- Attendance is required. If you must miss a lecture, make sure that you don’t miss announcements.
- Ms. Akshitha Guduru is the lab TA. Her web page for the lab is:
- Lab assignments, based on the recommended textbook (“Computer Security Lab Manual”), will be weekly or bi-weekly.
- The assignments must be run entirely in the secure environment of the Computer Security Lab (CEAS C-208). Running them in any other environment, including your own desktop or laptop, is prohibited since it may cause security threats to you or others.
- Reports or demonstrations (to the lab TA) will be required for each lab assignment.
- Each assignment will have a due date/time. For each day an assignment is late, 10% of the maximum assignment score will be deducted. Weekends and holidays are not counted when calculating lateness. No assignments will be accepted after 11:59 pm on Thursday, April 19, 2007.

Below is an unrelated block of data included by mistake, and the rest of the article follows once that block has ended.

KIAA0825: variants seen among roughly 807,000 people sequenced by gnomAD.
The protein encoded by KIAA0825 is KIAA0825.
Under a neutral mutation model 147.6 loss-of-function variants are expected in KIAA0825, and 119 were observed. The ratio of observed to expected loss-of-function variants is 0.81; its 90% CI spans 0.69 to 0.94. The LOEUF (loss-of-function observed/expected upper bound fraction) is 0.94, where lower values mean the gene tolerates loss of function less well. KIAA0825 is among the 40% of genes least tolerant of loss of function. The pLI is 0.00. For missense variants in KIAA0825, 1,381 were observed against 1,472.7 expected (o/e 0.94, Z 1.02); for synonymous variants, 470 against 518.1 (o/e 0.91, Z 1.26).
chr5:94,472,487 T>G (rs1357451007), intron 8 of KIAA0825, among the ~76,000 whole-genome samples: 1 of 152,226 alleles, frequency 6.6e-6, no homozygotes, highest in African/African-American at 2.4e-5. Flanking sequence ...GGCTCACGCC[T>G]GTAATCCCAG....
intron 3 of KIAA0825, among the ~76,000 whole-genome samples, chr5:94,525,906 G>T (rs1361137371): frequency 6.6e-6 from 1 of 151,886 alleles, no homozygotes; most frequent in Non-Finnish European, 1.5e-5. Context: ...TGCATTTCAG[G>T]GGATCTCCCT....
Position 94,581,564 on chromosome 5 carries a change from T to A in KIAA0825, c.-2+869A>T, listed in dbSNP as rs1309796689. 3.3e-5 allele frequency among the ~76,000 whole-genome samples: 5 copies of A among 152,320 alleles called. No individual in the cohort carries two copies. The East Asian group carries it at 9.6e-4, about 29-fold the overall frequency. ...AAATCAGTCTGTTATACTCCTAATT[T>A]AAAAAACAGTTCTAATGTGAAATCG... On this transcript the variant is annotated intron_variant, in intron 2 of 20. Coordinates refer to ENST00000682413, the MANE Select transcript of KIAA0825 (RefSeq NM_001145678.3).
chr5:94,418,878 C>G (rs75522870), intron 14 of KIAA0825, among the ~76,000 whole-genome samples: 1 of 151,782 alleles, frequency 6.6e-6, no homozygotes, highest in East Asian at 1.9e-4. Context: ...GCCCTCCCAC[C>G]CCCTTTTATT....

- There will be two exams for the class.
- The midterm exam will be announced at least a week in advance (most probably, it will be held during the sixth week of the semester). It will be held during the normal class time.
- The final exam will be held during the finals week, as scheduled by the Registrar’s Office (http://www.wmich.edu/registrar/finalexam.html): 8:00 am – 10:00 am on April 23 (Monday).
- If you miss an exam, the decision how to made it up will be made on an individual basis. Usually, you will be required to take a make-up exam. To be excused there must be significant circumstances beyond the student’s control. Generally this will require documentation, such as a doctor’s note in the case of an illness. You should inform the instructor before the exam if there are circumstances beyond your control that will cause missing an exam.
NOTE: No make-up exams will be given for reasons other than emergency situations completely beyond student’s control. If you know ahead of time that the final exam time conflicts with your plans, do not register for this class. (In particular, early flight reservations are not an acceptable reason for a make up exam.)